The materials used in cosmetic dentistry have come a long way since the late 1920s when the first veneers (which were really more like removable acrylic tooth caps) began appearing in Hollywood. Since then, the research and advancement in porcelain, resins and bonding materials in dental restorations have allowed us to provide beautiful results to our patients that look and feel natural, and have a longer lifespan. For patients, while it’s good to do your research before you visit the dentist, the choice of material used for your dental restoration should ultimately be felt to the dentist. Every dentist is different and will choose the materials that he or she is familiar with, and is certain will be most likely to get the results you want. This blog is the third in a series about the 6 most common cosmetic dentistry mistakes.

Mistake #3 – Choosing the Wrong Restoration Materials

With so many different dental restoration materials and treatment options available to us in cosmetic and restorative dentistry, it is important for dentists to consider function and aesthetics when choosing materials. Some newer products, such as pressed ceramics, may enhance functionality with greater strength or be less prone to staining or damage, however, if the treatment calls for use in thinner dimensions, these materials can lack inherent beauty. A different material, one that is more suited to a thinner application should be considered. Patients can’t be expected to know everything or make informed choices about the most appropriate materials, so the responsibility falls on the dentist to make the right call.

Natural Doesn’t Mean Perfect

With advances in dental restoration materials and processes has come a reduction in the cost making the treatments more accessible to more patients. But patients also want their new smile to be natural-looking and not simply the perfect row of ‘Chiclets’ that many people associate with veneers. Therefore, the need for restorative materials that closely mimic a more natural look has brought even more dental restoration products onto the market. Understanding the differences in each type of porcelain helps the dentist decide which material is best for each particular patient.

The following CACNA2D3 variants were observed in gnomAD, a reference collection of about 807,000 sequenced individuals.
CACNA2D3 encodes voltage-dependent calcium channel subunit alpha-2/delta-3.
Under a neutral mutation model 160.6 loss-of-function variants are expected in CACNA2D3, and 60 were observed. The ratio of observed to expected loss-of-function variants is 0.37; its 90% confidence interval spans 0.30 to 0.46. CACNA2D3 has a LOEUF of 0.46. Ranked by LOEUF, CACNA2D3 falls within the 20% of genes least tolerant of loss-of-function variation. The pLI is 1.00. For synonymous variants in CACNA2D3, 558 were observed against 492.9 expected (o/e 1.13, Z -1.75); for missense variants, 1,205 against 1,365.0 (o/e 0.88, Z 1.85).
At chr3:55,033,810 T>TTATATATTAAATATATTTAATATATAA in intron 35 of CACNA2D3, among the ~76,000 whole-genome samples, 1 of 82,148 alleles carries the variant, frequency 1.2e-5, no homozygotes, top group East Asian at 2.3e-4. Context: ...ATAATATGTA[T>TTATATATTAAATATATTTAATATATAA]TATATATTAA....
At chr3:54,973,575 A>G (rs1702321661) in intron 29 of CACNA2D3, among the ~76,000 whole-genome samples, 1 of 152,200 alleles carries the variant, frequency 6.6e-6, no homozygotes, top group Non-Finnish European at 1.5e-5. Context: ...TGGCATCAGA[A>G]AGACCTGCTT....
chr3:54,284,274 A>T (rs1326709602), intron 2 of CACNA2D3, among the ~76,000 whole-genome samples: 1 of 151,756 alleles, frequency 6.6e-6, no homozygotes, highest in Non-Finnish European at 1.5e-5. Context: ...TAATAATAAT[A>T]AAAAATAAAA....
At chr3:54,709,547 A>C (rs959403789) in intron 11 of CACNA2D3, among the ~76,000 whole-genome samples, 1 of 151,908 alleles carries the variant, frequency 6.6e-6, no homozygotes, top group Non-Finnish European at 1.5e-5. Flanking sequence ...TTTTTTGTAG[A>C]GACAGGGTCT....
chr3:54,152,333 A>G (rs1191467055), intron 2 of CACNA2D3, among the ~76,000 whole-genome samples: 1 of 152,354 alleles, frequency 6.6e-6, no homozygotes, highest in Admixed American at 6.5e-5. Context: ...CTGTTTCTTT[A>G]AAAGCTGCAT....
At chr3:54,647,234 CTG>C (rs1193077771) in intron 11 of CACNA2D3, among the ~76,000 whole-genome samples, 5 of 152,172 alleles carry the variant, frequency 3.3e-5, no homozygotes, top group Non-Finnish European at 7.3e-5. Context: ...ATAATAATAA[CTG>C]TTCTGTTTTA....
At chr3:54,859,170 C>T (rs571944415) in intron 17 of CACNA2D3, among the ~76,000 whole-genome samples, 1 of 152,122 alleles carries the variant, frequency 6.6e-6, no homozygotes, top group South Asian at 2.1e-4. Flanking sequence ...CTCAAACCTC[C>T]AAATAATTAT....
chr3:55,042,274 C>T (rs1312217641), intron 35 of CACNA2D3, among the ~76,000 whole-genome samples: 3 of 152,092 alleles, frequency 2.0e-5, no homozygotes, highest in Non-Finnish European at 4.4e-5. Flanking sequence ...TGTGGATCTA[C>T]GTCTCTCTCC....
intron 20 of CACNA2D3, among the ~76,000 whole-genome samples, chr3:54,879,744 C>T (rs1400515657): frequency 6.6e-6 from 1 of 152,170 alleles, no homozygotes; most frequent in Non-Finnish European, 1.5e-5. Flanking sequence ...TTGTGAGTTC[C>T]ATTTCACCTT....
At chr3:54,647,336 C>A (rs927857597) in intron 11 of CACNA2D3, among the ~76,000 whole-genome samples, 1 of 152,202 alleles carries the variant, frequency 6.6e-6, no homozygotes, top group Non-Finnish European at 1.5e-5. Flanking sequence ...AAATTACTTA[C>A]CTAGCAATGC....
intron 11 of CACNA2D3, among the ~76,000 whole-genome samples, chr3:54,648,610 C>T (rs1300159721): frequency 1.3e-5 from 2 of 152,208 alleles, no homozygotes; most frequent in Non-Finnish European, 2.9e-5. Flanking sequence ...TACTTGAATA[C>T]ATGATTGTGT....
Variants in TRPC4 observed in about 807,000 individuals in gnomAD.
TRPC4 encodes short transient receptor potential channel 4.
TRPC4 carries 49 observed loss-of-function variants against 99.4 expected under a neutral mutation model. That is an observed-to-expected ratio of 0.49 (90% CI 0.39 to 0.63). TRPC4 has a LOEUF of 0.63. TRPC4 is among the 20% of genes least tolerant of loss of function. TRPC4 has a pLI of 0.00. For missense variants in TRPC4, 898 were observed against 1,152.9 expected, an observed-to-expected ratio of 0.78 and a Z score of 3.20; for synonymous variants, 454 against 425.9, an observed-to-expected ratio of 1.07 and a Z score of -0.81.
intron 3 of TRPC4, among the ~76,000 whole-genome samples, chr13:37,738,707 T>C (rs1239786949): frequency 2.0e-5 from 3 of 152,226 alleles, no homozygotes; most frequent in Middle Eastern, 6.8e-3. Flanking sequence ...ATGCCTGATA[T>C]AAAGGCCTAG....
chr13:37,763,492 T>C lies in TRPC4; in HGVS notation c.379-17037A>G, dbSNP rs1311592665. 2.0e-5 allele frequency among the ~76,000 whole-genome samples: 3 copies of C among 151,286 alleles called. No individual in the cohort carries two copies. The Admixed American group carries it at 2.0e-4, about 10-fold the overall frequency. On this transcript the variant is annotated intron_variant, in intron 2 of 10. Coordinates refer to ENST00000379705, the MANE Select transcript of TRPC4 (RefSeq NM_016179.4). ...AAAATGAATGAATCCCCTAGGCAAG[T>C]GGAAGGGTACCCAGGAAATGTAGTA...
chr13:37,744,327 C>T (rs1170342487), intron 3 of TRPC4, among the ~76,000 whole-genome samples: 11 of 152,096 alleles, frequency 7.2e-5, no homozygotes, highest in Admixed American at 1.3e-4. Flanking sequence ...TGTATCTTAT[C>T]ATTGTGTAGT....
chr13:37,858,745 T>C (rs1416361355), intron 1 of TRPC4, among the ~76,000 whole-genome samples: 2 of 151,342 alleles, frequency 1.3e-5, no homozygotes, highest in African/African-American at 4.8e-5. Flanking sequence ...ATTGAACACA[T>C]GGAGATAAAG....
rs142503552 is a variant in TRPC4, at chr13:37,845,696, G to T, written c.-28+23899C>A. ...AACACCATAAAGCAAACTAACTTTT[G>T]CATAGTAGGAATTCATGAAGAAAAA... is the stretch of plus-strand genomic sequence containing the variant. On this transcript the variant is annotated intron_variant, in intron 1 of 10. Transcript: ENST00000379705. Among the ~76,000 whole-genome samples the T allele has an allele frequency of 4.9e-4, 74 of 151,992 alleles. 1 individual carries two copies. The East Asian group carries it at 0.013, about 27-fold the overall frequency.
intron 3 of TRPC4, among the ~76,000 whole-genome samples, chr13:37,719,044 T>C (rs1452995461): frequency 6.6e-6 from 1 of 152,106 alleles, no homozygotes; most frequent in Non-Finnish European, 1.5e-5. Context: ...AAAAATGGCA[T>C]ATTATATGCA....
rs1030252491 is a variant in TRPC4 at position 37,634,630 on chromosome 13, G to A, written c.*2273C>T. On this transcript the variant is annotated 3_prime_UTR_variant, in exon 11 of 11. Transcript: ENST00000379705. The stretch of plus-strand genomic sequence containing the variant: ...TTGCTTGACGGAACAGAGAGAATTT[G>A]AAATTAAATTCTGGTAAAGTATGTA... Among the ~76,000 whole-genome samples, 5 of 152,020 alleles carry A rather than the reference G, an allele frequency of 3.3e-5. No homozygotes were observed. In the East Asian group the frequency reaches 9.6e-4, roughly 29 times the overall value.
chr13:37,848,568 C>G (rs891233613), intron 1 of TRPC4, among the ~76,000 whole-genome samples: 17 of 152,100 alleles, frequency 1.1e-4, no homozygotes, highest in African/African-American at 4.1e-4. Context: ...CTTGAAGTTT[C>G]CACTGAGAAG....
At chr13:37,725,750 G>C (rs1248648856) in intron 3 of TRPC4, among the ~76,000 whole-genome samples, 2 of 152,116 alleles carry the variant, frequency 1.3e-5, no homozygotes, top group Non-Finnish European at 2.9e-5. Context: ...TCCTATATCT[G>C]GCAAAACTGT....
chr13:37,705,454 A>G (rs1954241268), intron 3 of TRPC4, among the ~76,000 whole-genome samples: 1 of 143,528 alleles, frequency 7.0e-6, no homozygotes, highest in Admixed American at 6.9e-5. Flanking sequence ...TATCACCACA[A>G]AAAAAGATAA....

Full or Partial Dental Restoration

Not all dental restorations involve a full set of veneers, or large-scale treatment resulting in a full smile makeover. In some cases the treatment may only involve repairing chips, filling in gaps or changing the shape of a single damaged or decayed tooth. Different types of porcelain or other materials will be used for a patient having minimal changes made to their teeth, as compared to a more major restoration of old, broken teeth or replacement of old restorations. Even restorations on a tooth that has undergone root canal may require a different type of porcelain than would be recommended for an intact tooth.

Making Veneers and Other Cosmetic Restorations Stick

If the wide array of porcelain and resin materials used in cosmetic dental restorations is not enough, there are many types of cement, the bonding agent used to permanently adhere to the restoration to the tooth. The bonding material used is also dependent on many factors including the type of porcelain used and the aesthetic results trying to be achieved. In addition, the condition of gum tissue needs to be considered, and the amount of preparation that needs to be done to the tooth in advance of the procedure.

Many factors impact the choice selection of the restoration material and the cement that holds restorations in place. It is the cosmetic dentist’s responsibility to stay up-to-date and knowledgeable about all of the options and advances in cosmetic dentistry and it’s patient’s responsibility to find a qualified dentist who can be trusted to make the best choices for your particular situation.

This post is the third in our six-part series about common cosmetic dentistry mistakes which can include microleakage causing discolouration of veneers, and an unnatural look due to improper smile design. Watch for more blogs in this series and if you are considering a smile makeover or cosmetic dentistry in Oakville contact Oakville Dentist, Dr. Agatha Bis and her team by calling 905.338.6684 or by completing the form below. We are here to answer your questions about cosmetic dentistry treatments and improving your smile.

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